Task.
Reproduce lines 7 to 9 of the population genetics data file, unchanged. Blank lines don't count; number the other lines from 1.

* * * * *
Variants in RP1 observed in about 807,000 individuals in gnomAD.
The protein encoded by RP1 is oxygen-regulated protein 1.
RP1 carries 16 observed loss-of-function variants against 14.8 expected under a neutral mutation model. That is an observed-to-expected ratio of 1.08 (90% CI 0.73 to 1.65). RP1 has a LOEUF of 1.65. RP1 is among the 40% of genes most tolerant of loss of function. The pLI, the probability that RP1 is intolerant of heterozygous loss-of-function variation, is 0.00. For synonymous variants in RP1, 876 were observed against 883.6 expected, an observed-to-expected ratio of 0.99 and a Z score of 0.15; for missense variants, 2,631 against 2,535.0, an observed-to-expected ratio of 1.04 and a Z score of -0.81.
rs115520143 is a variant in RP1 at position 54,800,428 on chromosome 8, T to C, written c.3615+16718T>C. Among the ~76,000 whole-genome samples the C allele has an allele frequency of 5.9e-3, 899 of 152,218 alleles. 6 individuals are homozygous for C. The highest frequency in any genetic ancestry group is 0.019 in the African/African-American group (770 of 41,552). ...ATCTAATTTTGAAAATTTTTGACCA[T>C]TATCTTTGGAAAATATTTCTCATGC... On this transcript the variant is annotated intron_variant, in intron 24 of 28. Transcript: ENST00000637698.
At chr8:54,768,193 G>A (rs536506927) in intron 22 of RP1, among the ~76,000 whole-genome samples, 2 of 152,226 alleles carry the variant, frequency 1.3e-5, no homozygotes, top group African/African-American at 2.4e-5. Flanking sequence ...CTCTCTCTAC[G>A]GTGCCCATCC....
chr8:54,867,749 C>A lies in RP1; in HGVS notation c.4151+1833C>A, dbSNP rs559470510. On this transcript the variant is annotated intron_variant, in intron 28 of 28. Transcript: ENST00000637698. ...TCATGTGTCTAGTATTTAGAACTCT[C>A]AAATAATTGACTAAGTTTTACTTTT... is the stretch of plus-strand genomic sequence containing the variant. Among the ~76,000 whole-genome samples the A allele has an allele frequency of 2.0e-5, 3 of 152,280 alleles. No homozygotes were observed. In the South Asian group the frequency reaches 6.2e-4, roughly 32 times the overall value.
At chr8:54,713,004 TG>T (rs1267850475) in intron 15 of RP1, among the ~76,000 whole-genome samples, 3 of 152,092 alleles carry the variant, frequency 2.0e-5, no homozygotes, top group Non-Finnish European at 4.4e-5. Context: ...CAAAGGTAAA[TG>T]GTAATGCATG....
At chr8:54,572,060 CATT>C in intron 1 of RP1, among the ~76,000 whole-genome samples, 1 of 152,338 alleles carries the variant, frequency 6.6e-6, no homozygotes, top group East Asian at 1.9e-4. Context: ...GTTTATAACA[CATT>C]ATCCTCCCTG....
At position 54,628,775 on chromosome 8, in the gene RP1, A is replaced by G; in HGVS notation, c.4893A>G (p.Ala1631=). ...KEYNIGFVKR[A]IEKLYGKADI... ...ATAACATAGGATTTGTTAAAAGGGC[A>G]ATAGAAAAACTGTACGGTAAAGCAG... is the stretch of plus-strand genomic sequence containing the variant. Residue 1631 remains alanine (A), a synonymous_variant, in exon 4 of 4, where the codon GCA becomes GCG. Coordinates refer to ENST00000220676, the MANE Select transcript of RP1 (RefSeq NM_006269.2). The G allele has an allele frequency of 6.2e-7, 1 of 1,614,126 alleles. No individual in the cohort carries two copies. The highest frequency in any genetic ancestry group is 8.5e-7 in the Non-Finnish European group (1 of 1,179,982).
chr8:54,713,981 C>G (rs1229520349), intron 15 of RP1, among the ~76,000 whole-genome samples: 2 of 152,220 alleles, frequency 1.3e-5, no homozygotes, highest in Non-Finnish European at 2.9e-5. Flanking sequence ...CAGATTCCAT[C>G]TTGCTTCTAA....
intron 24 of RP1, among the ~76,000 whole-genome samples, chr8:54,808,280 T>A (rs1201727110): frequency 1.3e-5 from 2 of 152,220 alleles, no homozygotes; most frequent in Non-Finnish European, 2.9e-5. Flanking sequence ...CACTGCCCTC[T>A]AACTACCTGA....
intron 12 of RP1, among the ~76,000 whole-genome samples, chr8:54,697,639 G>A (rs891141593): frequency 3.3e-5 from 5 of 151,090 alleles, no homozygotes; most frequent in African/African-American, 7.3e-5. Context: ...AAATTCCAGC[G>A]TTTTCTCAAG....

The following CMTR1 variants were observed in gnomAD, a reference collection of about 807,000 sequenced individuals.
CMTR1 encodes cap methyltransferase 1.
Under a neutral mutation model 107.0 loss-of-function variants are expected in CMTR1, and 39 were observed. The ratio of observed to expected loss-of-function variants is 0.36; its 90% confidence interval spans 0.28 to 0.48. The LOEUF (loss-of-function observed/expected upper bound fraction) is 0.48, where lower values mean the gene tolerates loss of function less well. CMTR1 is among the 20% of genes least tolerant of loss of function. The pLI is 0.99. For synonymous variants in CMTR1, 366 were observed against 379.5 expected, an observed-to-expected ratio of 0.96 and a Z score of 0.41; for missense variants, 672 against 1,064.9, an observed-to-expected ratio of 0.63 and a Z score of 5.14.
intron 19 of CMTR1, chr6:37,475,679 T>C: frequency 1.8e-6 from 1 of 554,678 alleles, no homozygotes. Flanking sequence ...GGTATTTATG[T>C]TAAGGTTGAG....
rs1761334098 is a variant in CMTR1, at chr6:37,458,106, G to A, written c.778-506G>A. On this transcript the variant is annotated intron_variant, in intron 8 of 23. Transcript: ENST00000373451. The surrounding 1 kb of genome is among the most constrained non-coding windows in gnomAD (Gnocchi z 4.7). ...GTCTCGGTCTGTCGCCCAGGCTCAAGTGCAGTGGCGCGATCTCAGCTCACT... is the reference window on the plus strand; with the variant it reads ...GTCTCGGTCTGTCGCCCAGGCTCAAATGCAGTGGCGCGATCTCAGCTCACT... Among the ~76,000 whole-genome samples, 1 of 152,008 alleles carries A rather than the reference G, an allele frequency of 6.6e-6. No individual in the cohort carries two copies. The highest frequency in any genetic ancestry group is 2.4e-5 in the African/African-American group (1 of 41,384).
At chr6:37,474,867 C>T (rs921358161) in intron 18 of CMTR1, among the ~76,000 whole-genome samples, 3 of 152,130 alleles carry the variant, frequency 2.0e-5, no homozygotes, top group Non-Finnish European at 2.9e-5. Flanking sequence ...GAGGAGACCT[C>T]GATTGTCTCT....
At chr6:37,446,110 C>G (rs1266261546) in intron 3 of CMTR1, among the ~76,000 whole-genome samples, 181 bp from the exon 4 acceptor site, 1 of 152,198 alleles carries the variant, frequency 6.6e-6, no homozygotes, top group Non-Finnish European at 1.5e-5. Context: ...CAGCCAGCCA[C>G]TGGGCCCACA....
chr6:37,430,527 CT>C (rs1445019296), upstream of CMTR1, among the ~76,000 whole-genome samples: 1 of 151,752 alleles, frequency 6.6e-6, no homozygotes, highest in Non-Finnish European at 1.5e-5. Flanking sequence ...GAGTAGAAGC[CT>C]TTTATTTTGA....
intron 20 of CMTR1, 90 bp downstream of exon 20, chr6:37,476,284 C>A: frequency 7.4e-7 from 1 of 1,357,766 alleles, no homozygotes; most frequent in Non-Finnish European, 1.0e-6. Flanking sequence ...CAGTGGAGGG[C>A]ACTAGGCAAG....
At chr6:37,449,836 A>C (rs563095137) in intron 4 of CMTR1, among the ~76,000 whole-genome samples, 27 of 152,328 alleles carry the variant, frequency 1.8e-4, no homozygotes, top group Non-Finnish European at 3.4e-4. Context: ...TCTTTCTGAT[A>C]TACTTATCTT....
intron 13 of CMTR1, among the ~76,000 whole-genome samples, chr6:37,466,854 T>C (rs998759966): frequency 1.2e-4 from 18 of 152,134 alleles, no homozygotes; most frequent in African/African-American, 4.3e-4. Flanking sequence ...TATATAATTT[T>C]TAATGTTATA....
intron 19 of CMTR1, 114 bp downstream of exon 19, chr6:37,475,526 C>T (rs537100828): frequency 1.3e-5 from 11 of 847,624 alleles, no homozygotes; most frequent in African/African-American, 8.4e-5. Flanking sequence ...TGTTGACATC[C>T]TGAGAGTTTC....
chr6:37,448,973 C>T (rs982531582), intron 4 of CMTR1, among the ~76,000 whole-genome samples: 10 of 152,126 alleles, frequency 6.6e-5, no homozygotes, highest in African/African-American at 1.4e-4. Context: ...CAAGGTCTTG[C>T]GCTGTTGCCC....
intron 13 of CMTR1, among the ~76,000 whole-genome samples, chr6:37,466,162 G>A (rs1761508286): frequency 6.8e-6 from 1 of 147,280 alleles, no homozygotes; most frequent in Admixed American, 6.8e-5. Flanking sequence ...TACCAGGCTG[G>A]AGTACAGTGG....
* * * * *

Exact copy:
At chr8:54,713,004 TG>T (rs1267850475) in intron 15 of RP1, among the ~76,000 whole-genome samples, 3 of 152,092 alleles carry the variant, frequency 2.0e-5, no homozygotes, top group Non-Finnish European at 4.4e-5. Context: ...CAAAGGTAAA[TG>T]GTAATGCATG....
At chr8:54,572,060 CATT>C in intron 1 of RP1, among the ~76,000 whole-genome samples, 1 of 152,338 alleles carries the variant, frequency 6.6e-6, no homozygotes, top group East Asian at 1.9e-4. Context: ...GTTTATAACA[CATT>C]ATCCTCCCTG....
At position 54,628,775 on chromosome 8, in the gene RP1, A is replaced by G; in HGVS notation, c.4893A>G (p.Ala1631=). ...KEYNIGFVKR[A]IEKLYGKADI... ...ATAACATAGGATTTGTTAAAAGGGC[A>G]ATAGAAAAACTGTACGGTAAAGCAG... is the stretch of plus-strand genomic sequence containing the variant. Residue 1631 remains alanine (A), a synonymous_variant, in exon 4 of 4, where the codon GCA becomes GCG. Coordinates refer to ENST00000220676, the MANE Select transcript of RP1 (RefSeq NM_006269.2). The G allele has an allele frequency of 6.2e-7, 1 of 1,614,126 alleles. No individual in the cohort carries two copies. The highest frequency in any genetic ancestry group is 8.5e-7 in the Non-Finnish European group (1 of 1,179,982).